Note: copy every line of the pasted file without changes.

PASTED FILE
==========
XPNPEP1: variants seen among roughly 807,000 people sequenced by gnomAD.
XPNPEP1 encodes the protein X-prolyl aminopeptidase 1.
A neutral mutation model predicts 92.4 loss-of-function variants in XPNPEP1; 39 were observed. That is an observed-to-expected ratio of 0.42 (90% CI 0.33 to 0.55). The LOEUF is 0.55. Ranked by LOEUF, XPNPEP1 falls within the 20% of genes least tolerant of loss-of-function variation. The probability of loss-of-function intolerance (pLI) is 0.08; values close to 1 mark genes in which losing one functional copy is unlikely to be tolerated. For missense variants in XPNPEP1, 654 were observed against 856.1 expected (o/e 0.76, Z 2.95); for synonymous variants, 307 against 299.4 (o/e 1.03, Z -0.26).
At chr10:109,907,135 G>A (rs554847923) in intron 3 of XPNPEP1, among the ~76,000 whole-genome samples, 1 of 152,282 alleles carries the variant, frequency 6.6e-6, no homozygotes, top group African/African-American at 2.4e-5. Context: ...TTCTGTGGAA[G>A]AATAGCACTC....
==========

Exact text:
XPNPEP1: variants seen among roughly 807,000 people sequenced by gnomAD.
XPNPEP1 encodes the protein X-prolyl aminopeptidase 1.
A neutral mutation model predicts 92.4 loss-of-function variants in XPNPEP1; 39 were observed. That is an observed-to-expected ratio of 0.42 (90% CI 0.33 to 0.55). The LOEUF is 0.55. Ranked by LOEUF, XPNPEP1 falls within the 20% of genes least tolerant of loss-of-function variation. The probability of loss-of-function intolerance (pLI) is 0.08; values close to 1 mark genes in which losing one functional copy is unlikely to be tolerated. For missense variants in XPNPEP1, 654 were observed against 856.1 expected (o/e 0.76, Z 2.95); for synonymous variants, 307 against 299.4 (o/e 1.03, Z -0.26).
At chr10:109,907,135 G>A (rs554847923) in intron 3 of XPNPEP1, among the ~76,000 whole-genome samples, 1 of 152,282 alleles carries the variant, frequency 6.6e-6, no homozygotes, top group African/African-American at 2.4e-5. Context: ...TTCTGTGGAA[G>A]AATAGCACTC....